a similar postnatal environment. Unlike

ordinary siblings, DZ twins would likely be exposed to a particular postnatal leuke-mogen at the same age and at a similar

point in their immunologic development.



likelihood of the twins having a concordant

response to the postnatal leukemogen. Regardless of zygosity, leukemia occur-ring in both members of a twin pair ap-pears to be due in large part to their shared

prenatal environment. Clarkson and Boyse1#{176}

have suggested that the most important

prenatal factor leading to the shared

en-vironment is placental cross-circulation, which occurs commonly in MZ twins1’ and occasionally in DZ 1 Leukemia in

twins, MZ in particular, might then

repre-sent only one occurrence of leukemia and

not two, with infusion of malignant cells

from the affected twin to the unaffected

co-twin leading to the concordance. The brief

interval separating the onset of disease in many twin pairs would support. this view. Even more convincing. is the observation

that only acute leukemia of childhood

car-ries such an extraordinary risk of twin


Other childhood malignancies,

particular-ly neuroblastoma, are thought to have a

pre-natal origin but do not have the high twin

concordance rate noted for acute leukemia.

These malignancies differ from leukemia in

part by the absence of large numbers of

circulating malignant cells, making cross-transfusion much less likely for tumor cells than for leukemic cells. While the cross-circulation hypothesis is attractive in ex-plaining many instances of twin leukemia, it does not account for those instances in

which the proband’s illness occurred later

in childhood. Such pairs, as illustrated by

our twins, remain at risk of concordant

disease probably because of postnatal

fac-tors affecting predisposed twins. Whether

the predisposition is genetic or is due to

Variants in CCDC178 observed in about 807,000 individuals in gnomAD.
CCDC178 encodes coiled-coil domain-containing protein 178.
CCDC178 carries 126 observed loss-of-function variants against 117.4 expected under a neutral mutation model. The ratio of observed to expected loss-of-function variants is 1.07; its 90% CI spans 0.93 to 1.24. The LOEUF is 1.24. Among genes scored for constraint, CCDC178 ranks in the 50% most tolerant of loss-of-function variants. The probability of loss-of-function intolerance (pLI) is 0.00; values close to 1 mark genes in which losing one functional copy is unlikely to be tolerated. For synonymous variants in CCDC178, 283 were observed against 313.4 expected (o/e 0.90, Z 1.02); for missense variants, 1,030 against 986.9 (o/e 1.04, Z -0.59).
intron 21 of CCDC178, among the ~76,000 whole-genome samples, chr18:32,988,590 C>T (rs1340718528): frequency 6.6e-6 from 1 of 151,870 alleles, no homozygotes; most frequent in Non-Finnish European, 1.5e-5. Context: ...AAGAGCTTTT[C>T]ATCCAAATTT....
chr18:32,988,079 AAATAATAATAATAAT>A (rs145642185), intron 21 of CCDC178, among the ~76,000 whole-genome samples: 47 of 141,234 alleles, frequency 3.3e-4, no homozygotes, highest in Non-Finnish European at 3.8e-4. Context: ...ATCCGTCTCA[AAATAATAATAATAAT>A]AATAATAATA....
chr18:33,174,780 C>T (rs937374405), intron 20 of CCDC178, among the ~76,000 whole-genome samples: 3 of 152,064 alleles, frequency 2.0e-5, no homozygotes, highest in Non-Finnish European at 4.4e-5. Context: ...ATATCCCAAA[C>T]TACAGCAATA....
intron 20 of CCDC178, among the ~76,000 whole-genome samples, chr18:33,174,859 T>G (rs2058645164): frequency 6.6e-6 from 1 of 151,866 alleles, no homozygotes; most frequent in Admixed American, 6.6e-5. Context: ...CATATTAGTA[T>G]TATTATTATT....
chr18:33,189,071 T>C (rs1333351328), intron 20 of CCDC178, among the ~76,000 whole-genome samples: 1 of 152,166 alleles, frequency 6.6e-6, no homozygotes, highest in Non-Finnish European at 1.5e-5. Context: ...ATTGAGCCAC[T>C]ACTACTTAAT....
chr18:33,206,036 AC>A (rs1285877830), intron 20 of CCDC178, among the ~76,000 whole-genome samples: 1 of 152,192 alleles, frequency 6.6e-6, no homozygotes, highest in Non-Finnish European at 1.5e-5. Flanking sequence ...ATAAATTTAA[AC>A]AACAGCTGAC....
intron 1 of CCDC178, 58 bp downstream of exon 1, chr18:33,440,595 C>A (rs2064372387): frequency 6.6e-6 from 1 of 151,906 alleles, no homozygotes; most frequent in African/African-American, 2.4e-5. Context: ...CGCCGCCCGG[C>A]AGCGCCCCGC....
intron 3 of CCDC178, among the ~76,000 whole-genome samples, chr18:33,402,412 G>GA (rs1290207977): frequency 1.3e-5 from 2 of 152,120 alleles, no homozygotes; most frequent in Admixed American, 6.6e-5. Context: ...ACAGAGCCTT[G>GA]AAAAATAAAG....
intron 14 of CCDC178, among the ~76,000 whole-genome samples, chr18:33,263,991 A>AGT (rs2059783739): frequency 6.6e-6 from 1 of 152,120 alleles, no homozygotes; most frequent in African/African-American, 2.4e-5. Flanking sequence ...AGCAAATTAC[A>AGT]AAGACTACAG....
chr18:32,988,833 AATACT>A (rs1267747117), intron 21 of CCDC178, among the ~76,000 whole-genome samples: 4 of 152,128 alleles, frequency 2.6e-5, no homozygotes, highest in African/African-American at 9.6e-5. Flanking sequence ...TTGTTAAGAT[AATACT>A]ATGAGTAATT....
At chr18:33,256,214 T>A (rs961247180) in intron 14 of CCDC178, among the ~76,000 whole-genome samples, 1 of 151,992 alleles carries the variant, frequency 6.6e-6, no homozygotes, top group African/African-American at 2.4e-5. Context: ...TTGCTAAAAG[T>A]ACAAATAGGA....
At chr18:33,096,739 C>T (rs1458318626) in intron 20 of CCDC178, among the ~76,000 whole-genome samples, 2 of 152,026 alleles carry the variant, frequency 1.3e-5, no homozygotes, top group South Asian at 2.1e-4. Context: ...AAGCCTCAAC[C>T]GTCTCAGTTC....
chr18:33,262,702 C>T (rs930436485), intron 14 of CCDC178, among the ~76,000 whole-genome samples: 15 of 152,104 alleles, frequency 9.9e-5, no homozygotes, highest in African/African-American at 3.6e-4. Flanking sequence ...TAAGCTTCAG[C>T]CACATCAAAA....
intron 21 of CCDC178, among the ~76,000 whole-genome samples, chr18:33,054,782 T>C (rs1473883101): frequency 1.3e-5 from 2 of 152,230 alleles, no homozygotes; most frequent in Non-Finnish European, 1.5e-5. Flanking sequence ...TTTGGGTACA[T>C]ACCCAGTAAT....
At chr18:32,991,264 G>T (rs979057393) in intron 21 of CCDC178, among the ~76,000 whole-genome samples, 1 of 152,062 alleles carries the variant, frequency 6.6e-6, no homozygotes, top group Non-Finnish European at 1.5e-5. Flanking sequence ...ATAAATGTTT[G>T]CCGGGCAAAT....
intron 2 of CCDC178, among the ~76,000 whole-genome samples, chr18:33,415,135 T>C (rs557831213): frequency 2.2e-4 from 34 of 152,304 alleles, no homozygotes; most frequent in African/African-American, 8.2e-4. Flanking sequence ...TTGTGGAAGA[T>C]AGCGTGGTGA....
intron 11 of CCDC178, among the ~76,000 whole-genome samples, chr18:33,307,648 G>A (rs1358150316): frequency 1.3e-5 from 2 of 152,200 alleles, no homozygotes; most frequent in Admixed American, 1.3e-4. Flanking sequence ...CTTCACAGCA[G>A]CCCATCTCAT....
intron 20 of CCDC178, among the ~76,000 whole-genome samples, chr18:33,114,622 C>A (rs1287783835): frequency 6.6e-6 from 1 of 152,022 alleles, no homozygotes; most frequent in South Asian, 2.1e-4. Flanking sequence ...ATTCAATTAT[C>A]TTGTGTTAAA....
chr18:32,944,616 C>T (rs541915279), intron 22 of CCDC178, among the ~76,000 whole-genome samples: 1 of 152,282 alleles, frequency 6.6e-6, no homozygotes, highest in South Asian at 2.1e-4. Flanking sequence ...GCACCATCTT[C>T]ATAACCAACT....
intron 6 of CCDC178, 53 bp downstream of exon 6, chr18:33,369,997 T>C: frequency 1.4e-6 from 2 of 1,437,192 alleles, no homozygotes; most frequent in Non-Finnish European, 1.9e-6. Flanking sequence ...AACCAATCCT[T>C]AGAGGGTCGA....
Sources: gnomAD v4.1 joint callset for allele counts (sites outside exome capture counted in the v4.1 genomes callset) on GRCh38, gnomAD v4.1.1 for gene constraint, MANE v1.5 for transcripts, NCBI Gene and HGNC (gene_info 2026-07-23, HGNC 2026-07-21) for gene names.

factors in the prenatal environment remains



Twin girls, who probably were

monozy-gotic, both developed acute leukemia. The

proband’s illness began when she was nearly 6 years old, and her twin’s occurred 75 months later. This long interval suggests

that separate environmental insults were responsible for their disease.

Concordance ratios for acute childhood leukemia in twins and ordinary siblings illustrate a decreasing risk of leukemia

con-cordance with decreasing genetic and environmental similarity. The risk of

concordance for monozygotic twins is ap-proximately 1 :5, for dizygotic twins it is approximately 1 : 80, and for ordinary

sib-lings it is more than 1:500.


1. Zuelzer, W. W., and Cox, D. E. : Genetic as-pects of leukemia. Semin. Hematol., 8:228, 1969.

2. Thompson, J. S., and Thompson, M. W.:

Genetics in Medicine, ed. 1. Philadelphia and London: W. B. Saunders, 1966, p. 233. 3. McKusick, V. : Human Genetics, ed. 2. In

Suskind, S. R., and Hartman, P. E., ed.:

Foundations of Modern Genetics Series.

Englewood iiffs, New Jersey: Prentice-Hall, Inc., 1969, p. 116.

4. Miller, R. W. :‘iDeaths from childhood leukemia and solid tumors among twins and other sibs in the United States. J. Nat. Cancer Inst., 46:203, 1971.

5. Sandberg, A. A., Cortner, J., Takagi, N.,

Moghadam, M. A., and Crosswhite, L. H.:

Differences in chromosome constitution of

twins with acute leukemia. New Engl. J.

Med., 275:809, 1963.

6. Pearson, E. A., Grello, F. W., and Cone,

T. E., Jr. : Leukemia in identical twins. New

Eng. J.Med. 268:1151, 1963.

7. Fernbach, D. J.: Natural history of acute

leukemia. In Sutow, W. W., Vietti, T. J.,

and Fernbach, D. J., ed. : Clinical Pediatric Oncology. St. Louis, Missouri: C. V. Mosby,

in press.

8. MacMahon, B., and Levy, M. A. : Prenatal origin of childhood leukemia. New Eng. J. Med., 270:1082, 1964.

9. Miller, R. W. : Persons with exceptionally high risk of leukemia. Cancer Res., 27:2420, 1967. 10. Clarkson, B. D., and Boyse, E. A. : Possible

explanation of the high concordance for

acute leukaemia in monozygotic twins. Lan-cet, 1:699, 1971.

11. Strong, S. J., and Corney, G.: The Placenta in

Twin Pregnancy, ed. 1. Oxford: Pergamon

Press, 1967, p. 65.


The authors wish to thank Drs. Clark W. Heath, Jr., Dennis O’Connor, and Henry Falk for their

help in developing the ideas presented in this

manuscript, and Drs. George A. Dawson and




John M. Falletta, Kenneth A. Starling and Donald J. Fernbach